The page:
Revitalize the divestment programme and plan to generate at least Rs 25,000 crore (Rs 250 billion) per year. Complete the process of selling of 5-10 per cent equity in previously identified profit making non-Navratnas. List all unlisted public sector enterprises and sell a minimum of 10 per cent of equity to the public. Auction all loss making PSUs that cannot be revived. For those in which net worth is zero, allow negative bidding in the form of debt write-off.
Point number 4, Box 2.3; Page no 29, Economic Survey 2008-09
The Economic Survey 2008-09 tabled in Parliament on July 2, 2009 has very strongly advocated for the divestment and listing of public sector companies.
The same was earlier mentioned by the President Prathiba Patil while announcing the reforms policy of the new government during a combined sitting of the Rajya Sabha and the Lok Sabha.
The forthcoming budget on July 6, 2009 will, in all probability, announce the intention to draw a plan for listing of more government sector companies and also divesting its equity (stake) in existing listed companies up to a maximum of 49%.
What's in it for our personal finance?
What this effectively means is that we can expect Initial public offers from public sector companies like Life Insurance Corporation of India, Indian (Air India), Neyveli Lignite, Food Corporation of India, Cochin Shipyard, etc. and also become part owners of the same.
Would it not be a great feeling to fly Air India and tell the stewardess that you own part of the company?
From a political point of view the government has replaced the politically unsafe word 'divestment' with 'people ownership'.
A well branded combination of capitalism in the name of the aam aadmi. But, the economic survey 08-09 has clearly spelt out the direction that the economy needs to take in terms of divestment.
From a personal finance point of view, the number of fundamentally strong companies with a proven history and breed (the government's progenies!) to invest in will increase manifold.
It will be easier for small investors to take informed decisions as many of these companies are really strong performers in their businesses but are not able to grow for lack of funding or capital.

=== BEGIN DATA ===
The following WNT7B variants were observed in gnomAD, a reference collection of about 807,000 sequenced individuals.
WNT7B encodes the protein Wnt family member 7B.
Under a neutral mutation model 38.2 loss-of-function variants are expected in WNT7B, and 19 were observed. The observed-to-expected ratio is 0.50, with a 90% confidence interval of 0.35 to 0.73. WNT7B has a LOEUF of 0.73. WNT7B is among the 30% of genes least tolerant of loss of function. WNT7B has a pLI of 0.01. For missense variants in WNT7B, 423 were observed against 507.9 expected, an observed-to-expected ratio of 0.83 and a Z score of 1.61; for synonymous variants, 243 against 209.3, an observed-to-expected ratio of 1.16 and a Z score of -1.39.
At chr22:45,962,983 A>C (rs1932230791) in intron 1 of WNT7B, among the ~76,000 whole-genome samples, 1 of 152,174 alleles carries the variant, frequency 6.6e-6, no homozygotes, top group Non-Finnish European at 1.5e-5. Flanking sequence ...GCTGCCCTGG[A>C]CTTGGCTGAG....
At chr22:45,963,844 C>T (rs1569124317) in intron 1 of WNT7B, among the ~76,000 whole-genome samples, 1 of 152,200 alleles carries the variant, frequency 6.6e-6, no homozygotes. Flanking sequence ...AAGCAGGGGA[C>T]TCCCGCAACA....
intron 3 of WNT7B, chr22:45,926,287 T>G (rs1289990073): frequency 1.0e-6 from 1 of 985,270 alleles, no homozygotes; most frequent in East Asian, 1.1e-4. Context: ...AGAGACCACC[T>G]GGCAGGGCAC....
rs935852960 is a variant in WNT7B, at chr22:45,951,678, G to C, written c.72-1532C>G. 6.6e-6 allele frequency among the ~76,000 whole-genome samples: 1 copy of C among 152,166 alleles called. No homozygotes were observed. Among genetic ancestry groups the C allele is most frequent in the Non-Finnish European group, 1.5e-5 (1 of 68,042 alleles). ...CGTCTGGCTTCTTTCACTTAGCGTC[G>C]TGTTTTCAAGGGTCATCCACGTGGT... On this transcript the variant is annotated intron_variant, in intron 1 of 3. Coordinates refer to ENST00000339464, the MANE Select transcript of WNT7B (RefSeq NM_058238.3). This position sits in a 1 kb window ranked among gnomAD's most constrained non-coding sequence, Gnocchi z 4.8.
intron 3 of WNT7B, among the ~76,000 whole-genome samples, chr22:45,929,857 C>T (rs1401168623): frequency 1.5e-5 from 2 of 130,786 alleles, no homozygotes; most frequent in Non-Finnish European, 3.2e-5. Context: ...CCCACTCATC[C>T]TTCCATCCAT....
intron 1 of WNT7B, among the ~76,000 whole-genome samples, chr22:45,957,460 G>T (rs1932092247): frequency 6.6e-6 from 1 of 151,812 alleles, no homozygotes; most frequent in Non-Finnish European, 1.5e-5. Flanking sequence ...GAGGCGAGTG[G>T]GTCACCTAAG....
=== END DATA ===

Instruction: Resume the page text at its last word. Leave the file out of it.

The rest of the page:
There are many companies which have a lot of hidden value and opportunities to do well if infused with fresh capital. And the risk of investing in them also would be considerably lesser, as they would have a majority stake with the government.
Power of diversification: Diverse sectors to choose from
A look at just the list of Navratnas and Miniratnas of the PSU companies reveals the sheer magnitude of diversity in terms of industry domain, business modules and future prospects.
Add to this all those PSUs, which are waiting for your money to move in the 'Ratna' league. A great way to create wealth and show your patriotism too!
Lessons from the NIFTY:
A look at the Nifty index and its constituents reveals a very interesting observation. Of the fifty companies which make up the Nifty, 10 companies are existing PSUs (BHEL, BPCL, GAIL, NTPC, ONGC, Power Grid Corporation, PNB, SBI, SAIL and NALCO) and 5 others (Axis Bank, HDFC, HDFC Bank, ICICI Bank and Maruti Suzuki) were erstwhile PSUs.
A whopping 30% of the index. This simple figure shows us the wealth creation capabilities of the PSUs as well as the prospects for small equity investors when the divestment process takes off on a faster scale.
The consumer point of view
From a consumer point of view too this would bring about an improvement in the service levels of these companies as there would be more pressure on these companies to perform better and get profits.
A visible effect is the change in attitudes of many PSU companies pre- and post-privatisation.
Housewives could find competitive prices for commodities and drastic improvements in service levels and infrastructure and development projects could see faster approvals.
Investors with plans for investing in the stock markets might find it prudent to probably wait for some time to see how the new government goes about listing its companies.
All eyes and ears on Mr Finance Minister's Budgetary Speech on July 6, 2009!